World Development (Language)

I don’t read much modern fantasy.  I don’t find much of it engaging or convincing.  Part of the reason for this that it is all purely derivative.  It is generally derivative of Tolkien, Howard, Moorcock.  Often with an entirely different level of (often unintentional) derivation from pop culture history.  By that I mean the trope of having a “Viking Land”,  “Asian Land”, “Celtic Land” and so on.  This is fine for a quick reference.   It is fine for beer and pretzels role playing.  But it leaves me unsatisfied.

When Tom and I at Golden Dragon Studio began our reworking of our game world and system (moving it away from a tactical modular board game to a full blown RPG), my main concern was developing a convincing and internally logical setting.  I wanted it to be accessible; few people have time to learn a whole new language or set of abstract concepts to play a game.  But I wanted it to be unique.  It was definitely destined to be a low to mid powered fantasy world.  But I didn’t want it to be Greyhawk DXXXII.  Due to my own interests it became closer and closer to a dark ages/dark fantasy world.  Perhaps not as bleak and primitive as Hyperborea.  But definitely not the high powered magic as utilitarian science in say… Forgotten Realms.   Plus it needed some additional element.  Something to… set it apart.

Most now don’t know me as a prolific, published horror author.  But that is where I default to when creatively writing.  So something is going on in this world that is not right.  And the results end up being rather … ghoulish.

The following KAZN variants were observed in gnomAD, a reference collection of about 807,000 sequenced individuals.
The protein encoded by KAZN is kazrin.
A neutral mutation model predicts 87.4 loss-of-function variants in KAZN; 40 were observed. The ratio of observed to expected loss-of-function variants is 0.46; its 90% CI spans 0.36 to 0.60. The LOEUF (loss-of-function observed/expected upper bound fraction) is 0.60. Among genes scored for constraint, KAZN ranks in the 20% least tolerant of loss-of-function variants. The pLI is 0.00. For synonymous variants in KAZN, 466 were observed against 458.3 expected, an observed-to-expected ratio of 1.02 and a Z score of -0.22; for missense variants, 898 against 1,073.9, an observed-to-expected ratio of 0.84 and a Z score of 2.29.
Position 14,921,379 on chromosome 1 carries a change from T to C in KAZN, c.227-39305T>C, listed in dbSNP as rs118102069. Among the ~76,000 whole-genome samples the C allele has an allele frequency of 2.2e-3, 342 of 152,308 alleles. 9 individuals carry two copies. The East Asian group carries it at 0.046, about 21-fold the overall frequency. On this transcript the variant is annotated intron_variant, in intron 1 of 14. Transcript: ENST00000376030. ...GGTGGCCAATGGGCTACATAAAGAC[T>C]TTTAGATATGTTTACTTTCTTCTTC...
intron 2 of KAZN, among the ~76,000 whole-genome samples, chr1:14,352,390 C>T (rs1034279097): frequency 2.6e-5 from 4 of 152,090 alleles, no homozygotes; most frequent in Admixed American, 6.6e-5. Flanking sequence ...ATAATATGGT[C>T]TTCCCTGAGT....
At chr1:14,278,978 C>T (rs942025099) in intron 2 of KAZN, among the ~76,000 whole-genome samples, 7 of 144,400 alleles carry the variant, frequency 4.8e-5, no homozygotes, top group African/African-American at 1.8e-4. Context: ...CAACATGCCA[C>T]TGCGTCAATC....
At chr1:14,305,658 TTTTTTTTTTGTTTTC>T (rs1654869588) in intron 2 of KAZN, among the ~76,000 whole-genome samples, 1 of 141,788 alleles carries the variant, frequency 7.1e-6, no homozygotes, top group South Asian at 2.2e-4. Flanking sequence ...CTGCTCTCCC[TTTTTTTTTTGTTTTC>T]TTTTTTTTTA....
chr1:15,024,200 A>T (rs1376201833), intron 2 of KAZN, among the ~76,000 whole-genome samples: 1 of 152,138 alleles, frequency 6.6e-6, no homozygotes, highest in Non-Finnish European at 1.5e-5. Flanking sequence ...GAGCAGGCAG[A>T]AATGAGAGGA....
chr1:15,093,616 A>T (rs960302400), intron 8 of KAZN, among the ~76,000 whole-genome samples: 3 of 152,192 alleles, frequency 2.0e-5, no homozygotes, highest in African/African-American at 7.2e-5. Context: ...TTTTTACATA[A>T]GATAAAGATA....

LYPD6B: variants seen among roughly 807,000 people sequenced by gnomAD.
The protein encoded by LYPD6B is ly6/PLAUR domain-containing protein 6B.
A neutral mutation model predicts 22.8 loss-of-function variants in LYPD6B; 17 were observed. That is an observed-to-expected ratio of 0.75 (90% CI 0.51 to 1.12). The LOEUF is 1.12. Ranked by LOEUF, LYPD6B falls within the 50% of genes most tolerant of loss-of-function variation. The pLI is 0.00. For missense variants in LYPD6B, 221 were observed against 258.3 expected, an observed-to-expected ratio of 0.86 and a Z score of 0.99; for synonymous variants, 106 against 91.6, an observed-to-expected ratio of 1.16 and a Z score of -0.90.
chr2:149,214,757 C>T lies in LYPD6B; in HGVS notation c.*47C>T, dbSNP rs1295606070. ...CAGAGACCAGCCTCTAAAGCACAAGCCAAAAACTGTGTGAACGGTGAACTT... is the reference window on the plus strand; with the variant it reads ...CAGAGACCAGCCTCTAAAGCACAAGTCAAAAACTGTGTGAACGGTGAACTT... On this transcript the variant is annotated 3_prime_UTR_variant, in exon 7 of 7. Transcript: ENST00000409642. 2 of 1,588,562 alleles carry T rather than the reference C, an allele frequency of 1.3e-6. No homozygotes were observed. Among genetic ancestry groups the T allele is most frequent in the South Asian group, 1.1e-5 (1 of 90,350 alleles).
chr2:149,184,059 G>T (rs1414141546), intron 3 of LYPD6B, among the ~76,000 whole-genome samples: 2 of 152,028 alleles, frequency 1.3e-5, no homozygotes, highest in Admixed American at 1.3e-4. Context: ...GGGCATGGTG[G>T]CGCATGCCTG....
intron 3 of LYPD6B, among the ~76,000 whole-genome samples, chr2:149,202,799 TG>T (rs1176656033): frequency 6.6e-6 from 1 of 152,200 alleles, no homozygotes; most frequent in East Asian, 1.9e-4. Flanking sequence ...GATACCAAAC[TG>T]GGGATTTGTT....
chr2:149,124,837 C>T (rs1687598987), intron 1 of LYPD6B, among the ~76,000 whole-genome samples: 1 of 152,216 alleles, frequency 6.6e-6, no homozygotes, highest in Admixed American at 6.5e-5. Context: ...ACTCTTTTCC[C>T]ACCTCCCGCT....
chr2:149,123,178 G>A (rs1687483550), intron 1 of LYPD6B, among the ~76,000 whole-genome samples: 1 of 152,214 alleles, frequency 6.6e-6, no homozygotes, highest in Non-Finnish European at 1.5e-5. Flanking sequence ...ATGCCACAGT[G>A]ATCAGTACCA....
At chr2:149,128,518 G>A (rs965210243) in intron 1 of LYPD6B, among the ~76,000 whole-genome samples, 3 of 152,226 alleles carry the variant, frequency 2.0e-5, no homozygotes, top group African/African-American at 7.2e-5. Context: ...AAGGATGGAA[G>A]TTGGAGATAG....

I’ve spent much of my time working on the linguistics of the history, dominant culture and geography.   My first versions of the cities and landscapes had a lot of “Wolf’s Gate” and “Ironhold Mountains”.  Not exactly.  But you get the idea.   I felt my first task was to write up the place’s ancient history.  And thus had to establish a naming convention.  The basis is actually a reduction of ancient Greek vocabulary.  With of course the phonetic spellings winning out over the actual Greek lettering. Most of the current continent has gone through about 6,000 years of habitation.  So much like our modern Greek and Latin, names took on influences from regional tribe and cultures.  With the world’s current language taking on both Ukrainian and Armenian characteristics.   In some places early Germanic phrases are thrown in – to reinforce that sense of regionalism.  It gives the entire place a familiar yet slightly exotic feel.   This is just a bit of the map.   We hope to deliver both more visible content and concept art, as well as playtest possibilities later this year.  Did I invent a new language with my own sets of rules?  No.  But is there an indigenous system to create a cohesion and believably?  Yes.  All great settings start with language.  And Mythology.

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